# Different secret sharing schemes instead of Shamir's?

Are there any different secret sharing schemes instead of Shamir's Secret Sharing , that is not based in polynomial interpolation over finite fields? Or is it the most efficient than the others?

You shouldn't think of secret sharing as being (directly) related to polynomials, and instead should see it as being directly related to (usually linear) codes, which are generally related to polynomials.

There are general results on getting secret sharing schemes from linear codes. From this perspective, Shamir's secret sharing is generally the scheme you get if you instantiate the general construction with a particular class of linear codes (usually Reed-Muller codes). Here is a particular paper on the topic, but it is somewhat arbitrarily chosen --- in general, Ronald Cramer writes on this area extensively, so searching his DBLP may be useful for more information.

From this point of view, there is a particularly nice property that Shamir's scheme has that most other schemes don't --- given two sets of Shamir's secret sharing shares, there is a way to "multiply" shares. This "multiplication" protocol suffices to construct Multiparty Computation, and is the basis of the BGW MPC protocol. You can read about this protocol in many places, say here or here.

• thanks for the answer. I have seen in economic papers using the BGW protocol for the multiparty computation, however I am not aware of the cryptographic protocols and I will open a new question with some references from papers that I have seen. Nov 5, 2021 at 8:14

Blakley's scheme was introduced at the same time as Shamir's.

Blakley’s Secret Sharing Scheme (SSS) uses hyperplane geometry to solve the secret sharing problem. The secret is a point in a $$t$$ dimensional space and the $$n$$ shares are affine hyperplanes that pass through this point. An affine hyperplane in a $$t-$$dimensional space with coordinates in a field $$F$$ can be described by a linear equation of the following form: $$a_1x_1 + a_2x_2 + \cdots + a_tx_t = b.$$ The intersection point is obtained by finding the intersection of any $$t$$ of these hyperplanes. The secret can be any of the coordinates of the intersection point or any function of the coordinates.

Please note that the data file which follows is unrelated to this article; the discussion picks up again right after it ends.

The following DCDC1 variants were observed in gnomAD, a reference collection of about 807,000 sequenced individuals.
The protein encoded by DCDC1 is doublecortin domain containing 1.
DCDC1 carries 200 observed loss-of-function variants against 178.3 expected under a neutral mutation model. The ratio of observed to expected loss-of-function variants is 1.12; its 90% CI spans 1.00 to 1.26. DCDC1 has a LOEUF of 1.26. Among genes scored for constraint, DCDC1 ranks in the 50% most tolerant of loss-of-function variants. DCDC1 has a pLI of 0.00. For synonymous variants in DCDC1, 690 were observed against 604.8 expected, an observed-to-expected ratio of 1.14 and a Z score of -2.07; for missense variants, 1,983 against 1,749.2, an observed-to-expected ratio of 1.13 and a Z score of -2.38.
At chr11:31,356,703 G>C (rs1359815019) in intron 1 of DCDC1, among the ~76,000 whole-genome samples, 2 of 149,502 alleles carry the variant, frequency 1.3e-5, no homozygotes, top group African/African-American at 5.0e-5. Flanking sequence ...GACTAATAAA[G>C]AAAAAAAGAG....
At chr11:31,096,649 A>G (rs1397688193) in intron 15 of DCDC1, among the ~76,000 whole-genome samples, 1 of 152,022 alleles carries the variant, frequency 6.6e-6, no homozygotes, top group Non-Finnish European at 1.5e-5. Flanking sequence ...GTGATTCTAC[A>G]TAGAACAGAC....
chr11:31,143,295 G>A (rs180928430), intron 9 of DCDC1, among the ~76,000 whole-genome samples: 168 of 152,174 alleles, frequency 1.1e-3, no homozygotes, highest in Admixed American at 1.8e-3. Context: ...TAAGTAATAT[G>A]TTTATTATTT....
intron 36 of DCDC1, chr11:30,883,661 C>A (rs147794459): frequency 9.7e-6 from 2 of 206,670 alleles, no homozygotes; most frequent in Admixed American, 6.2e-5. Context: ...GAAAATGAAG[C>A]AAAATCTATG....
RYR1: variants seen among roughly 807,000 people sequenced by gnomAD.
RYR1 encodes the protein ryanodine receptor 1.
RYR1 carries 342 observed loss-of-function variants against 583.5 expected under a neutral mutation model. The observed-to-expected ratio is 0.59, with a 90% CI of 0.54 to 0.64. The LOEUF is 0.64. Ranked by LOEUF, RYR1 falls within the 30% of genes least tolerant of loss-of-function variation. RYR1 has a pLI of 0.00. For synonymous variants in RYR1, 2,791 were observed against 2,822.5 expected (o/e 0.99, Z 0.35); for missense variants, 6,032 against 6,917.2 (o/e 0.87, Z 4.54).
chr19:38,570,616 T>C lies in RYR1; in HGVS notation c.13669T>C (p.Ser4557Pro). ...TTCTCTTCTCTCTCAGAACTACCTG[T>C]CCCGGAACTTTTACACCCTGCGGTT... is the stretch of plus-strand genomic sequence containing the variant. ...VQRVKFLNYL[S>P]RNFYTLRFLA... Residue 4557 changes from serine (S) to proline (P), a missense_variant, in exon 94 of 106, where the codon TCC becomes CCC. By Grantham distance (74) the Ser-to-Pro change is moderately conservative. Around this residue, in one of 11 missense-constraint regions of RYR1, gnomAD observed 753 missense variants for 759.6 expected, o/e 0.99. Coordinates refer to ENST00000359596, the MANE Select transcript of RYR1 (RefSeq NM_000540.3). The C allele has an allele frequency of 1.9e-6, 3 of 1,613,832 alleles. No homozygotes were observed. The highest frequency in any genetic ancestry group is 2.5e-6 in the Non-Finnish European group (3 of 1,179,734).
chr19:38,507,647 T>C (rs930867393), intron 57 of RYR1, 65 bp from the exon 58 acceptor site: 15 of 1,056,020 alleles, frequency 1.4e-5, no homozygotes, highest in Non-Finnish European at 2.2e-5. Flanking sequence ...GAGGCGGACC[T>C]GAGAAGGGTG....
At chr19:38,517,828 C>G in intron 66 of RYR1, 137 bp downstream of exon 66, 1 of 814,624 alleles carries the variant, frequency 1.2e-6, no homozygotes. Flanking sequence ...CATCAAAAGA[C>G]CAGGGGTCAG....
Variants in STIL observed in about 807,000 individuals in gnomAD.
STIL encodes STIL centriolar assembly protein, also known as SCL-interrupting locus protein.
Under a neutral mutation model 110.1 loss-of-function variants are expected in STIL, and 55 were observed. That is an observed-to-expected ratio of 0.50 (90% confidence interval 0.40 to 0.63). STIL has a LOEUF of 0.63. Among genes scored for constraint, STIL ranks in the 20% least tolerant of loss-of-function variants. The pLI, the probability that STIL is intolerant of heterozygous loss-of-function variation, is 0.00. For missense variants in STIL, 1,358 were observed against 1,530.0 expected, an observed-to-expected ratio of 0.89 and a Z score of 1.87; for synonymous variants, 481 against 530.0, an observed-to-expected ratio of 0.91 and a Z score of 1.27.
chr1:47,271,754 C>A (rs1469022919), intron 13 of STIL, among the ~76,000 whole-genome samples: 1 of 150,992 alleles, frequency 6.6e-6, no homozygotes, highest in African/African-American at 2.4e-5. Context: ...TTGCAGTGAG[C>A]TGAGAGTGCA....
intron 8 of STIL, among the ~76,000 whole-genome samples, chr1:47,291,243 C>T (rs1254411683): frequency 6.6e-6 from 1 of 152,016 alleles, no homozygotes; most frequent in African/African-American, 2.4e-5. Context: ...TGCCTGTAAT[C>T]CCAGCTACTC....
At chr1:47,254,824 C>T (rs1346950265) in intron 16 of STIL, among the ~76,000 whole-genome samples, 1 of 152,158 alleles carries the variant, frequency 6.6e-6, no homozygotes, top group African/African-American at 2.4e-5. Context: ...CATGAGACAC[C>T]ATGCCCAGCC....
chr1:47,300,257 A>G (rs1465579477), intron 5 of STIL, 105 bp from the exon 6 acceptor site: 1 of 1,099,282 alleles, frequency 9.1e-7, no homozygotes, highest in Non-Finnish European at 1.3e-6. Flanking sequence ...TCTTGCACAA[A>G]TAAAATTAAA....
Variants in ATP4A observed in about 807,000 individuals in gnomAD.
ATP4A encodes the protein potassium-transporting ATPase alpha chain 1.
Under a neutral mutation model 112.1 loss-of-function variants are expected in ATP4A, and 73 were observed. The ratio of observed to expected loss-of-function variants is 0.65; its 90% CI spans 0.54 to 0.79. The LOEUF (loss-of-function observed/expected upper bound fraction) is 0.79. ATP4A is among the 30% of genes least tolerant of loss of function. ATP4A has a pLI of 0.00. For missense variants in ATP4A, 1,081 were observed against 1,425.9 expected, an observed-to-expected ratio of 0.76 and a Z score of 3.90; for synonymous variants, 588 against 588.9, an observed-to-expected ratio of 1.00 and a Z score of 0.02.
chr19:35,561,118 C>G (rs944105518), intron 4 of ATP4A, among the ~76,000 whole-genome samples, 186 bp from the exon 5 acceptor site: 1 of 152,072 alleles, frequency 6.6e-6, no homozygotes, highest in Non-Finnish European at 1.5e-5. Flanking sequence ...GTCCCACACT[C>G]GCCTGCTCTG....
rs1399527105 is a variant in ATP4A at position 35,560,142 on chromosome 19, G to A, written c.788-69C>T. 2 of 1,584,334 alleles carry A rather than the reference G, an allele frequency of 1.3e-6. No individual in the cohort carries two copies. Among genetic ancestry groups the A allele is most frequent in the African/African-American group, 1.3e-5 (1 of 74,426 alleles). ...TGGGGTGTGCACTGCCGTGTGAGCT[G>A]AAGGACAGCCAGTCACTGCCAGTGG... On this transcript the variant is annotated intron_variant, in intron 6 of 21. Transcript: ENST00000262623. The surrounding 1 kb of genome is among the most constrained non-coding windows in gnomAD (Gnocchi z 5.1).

Appendix:

In fact, Shamir scheme is based on Reed-Solomon not Reed-Muller codes. One could even say that Shamir rediscovered the Reed-Solomon codes, in the context of "erasure of symbols" (missing codeword coordinates).

To make that precise, it is possible to think of Reed-Solomon codewords $$c_f,$$ in terms of the evaluations of a polynomial over the nonzero elements of a finite field (usually termed Generalized Reed-Solomon formulation): $$c_f=(f(x_1),f(x_2),\ldots,f(x_n))_{x_i \in \mathbb{F}_q\setminus\{0\}}$$ and if $$f$$ has degree $$k$$ then any $$k+1$$ coordinates are enough to recover the correct polynomial. Then $$f(0)$$ is used to recover the secret $$s$$. The polynomial is defined by $$f(0)=s,$$ and its other coefficients are randomly uniformly chosen.

The point is the collection $$\{c_f: deg(f)\leq k-1\}$$ is precisely the set of Reed-Solomon codewords for the Reed Solomon code of dimension $$k$$ and minimum distance $$n-k+1$$ over $$\mathbb{F}_q.$$ It's just that one does not transmit the full codeword $$c_f$$ but use a subcollection $$\{f(x_1),f(x_2),\ldots,f(x_{k+1})\}$$ as the shares.

• thank you for your answer, but I think i need to open a new question now... Nov 5, 2021 at 8:12
• Yes, that is what actually a good researchers do, rediscover when need, as Peter Shor did Nov 5, 2021 at 18:42